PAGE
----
Child Labor Law Briefly Explained
There is absolutely nothing wrong with a minor under the age of 18 who wants to take it upon themselves to work hard and earn money for the things they want. It teaches personal accountability and gives them first-hand experience of what the real world and the working environment are like. However, there are laws in place that restrict who, how, when, and for how long children can work.
The State of California has stricter child labor laws than many other states in the country, likely inspired by the large agricultural industry here. These regulations serve essentially to make sure that children are not forced into an unsafe environment, and that working does not interfere with prioritized aspects of their young lives, such as school. These laws start with children as young as 6 years old.
When Are Children Old Enough to Work?
The earliest age a child is allowed to start going door-to-door and perform household duties for pay is 6 years old. These tasks can include things like raking leaves, mowing lawns, babysitting, and they do not require a work permit. In fact, children under 12 years old cannot be officially permitted to work unless in the entertainment industry and by the overseeing Labor Commissioner.
How Much Can My Child Work?
Most minor workers with regular jobs are of the ages 16 and 17. Children younger than this can work in certain labor areas if they have a worker’s permit or are a high school graduate or equivalent.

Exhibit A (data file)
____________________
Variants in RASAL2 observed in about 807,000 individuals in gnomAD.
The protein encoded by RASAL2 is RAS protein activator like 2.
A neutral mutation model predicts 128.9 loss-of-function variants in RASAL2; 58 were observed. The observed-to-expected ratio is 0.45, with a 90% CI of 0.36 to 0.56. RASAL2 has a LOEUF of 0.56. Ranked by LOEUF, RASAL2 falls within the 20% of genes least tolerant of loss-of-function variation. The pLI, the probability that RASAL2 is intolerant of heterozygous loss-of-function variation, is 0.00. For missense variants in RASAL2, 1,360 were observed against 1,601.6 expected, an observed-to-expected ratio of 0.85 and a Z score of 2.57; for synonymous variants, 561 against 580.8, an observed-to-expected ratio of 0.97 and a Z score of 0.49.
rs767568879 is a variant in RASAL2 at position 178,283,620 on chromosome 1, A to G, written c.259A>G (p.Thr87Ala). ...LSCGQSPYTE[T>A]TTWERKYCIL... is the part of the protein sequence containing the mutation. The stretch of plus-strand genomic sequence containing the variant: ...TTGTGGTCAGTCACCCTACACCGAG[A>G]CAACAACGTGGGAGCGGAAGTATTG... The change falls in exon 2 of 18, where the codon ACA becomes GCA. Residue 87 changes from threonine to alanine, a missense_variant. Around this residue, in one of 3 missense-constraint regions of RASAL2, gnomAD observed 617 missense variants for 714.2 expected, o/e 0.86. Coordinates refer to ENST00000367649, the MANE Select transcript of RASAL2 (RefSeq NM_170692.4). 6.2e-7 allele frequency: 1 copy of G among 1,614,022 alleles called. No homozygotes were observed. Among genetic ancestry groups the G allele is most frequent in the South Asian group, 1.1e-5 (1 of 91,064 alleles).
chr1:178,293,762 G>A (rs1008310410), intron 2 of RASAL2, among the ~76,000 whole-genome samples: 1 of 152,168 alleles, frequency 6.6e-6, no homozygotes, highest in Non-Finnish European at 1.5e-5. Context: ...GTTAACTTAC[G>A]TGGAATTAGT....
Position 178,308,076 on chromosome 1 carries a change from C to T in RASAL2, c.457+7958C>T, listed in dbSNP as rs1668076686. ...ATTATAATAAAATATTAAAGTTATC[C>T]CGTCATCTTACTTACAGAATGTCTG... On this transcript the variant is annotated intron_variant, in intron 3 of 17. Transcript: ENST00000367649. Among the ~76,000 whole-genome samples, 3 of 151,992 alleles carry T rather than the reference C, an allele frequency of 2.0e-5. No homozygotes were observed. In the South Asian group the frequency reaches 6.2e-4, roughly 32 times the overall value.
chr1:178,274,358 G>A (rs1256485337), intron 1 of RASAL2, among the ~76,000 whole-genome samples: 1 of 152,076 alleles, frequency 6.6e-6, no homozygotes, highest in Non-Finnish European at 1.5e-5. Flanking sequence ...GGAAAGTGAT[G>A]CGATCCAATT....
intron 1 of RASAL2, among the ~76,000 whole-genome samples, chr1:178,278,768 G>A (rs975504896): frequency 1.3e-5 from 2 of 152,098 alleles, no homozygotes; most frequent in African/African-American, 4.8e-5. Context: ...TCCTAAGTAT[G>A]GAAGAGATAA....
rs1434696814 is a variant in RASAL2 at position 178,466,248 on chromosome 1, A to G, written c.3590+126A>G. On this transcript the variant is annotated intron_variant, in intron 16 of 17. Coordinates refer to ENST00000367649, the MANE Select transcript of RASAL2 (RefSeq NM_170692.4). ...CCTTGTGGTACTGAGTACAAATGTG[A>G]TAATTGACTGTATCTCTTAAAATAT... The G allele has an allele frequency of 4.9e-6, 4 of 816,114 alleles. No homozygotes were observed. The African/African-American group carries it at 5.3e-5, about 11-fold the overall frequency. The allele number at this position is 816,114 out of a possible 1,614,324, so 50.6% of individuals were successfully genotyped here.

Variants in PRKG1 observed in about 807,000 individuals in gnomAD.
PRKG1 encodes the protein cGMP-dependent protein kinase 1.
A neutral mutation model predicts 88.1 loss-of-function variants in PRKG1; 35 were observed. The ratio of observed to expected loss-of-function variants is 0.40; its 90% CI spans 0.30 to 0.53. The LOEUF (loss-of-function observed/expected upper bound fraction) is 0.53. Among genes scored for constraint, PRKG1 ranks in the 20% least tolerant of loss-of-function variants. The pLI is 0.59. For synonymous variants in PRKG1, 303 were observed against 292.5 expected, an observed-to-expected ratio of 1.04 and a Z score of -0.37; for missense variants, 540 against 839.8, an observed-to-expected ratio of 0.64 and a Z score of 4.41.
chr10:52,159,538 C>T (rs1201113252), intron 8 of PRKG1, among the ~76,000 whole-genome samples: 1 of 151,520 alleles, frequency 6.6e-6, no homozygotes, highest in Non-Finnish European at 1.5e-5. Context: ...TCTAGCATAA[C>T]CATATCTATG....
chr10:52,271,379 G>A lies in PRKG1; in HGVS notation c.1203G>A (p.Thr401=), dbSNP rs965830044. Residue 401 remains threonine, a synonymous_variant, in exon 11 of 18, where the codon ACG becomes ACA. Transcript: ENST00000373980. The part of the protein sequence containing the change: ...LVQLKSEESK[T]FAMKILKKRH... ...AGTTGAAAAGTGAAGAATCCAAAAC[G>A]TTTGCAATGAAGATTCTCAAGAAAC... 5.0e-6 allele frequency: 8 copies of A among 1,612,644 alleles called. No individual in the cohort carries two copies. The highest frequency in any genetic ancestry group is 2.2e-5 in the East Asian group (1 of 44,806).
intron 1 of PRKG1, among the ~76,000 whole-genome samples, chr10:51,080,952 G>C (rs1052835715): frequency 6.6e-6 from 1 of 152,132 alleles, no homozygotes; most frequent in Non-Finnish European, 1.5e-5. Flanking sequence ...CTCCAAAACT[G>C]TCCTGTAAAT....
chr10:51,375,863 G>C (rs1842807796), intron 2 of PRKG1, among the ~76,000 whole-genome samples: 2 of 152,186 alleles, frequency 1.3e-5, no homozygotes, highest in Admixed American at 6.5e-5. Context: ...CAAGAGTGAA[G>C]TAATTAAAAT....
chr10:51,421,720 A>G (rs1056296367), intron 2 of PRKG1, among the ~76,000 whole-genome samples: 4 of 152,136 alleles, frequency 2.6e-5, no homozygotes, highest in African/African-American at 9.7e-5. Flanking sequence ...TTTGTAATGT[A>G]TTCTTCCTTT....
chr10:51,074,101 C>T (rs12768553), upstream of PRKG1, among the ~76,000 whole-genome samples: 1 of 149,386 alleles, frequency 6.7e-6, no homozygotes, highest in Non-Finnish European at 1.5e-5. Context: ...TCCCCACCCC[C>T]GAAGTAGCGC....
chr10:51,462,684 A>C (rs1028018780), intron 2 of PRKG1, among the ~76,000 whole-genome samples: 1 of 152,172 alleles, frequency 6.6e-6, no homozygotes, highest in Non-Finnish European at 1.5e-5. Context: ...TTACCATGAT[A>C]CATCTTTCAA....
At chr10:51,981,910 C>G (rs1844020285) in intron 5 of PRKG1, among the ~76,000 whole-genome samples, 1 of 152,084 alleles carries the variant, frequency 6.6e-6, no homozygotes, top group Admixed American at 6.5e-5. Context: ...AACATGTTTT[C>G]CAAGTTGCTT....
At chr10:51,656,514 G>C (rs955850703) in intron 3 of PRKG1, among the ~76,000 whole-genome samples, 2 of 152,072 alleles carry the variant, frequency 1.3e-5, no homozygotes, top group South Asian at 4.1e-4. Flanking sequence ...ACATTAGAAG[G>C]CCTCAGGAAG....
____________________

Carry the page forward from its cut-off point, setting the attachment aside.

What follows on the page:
The main stipulations of 16 and 17 year-old employees are as follows:
- They can only work 4 hours a day when school is in session
- They can only work between 5am and 10pm, as late as 12:30am with no school the next day
- They must be paid at least minimum wage established by the Industrial Welfare Commission
- They can only work a maximum of 8 hours on a non-school day, 40 hours a week
- They cannot be employed in a hazardous work environment handling explosive materials or power-driven processes. This includes gas stations and most manufacturing establishments.
If your child is being asked or forced to work under these conditions, longer than they should, or for less pay than they are owed, their employer is likely liable for endangering your child.
Call our Harvard-educated employment lawyer, Alan Burton Newman, at (310) 986-2792 if you feel you and your child are owned compensation for exploitation and endangerment in the workplace.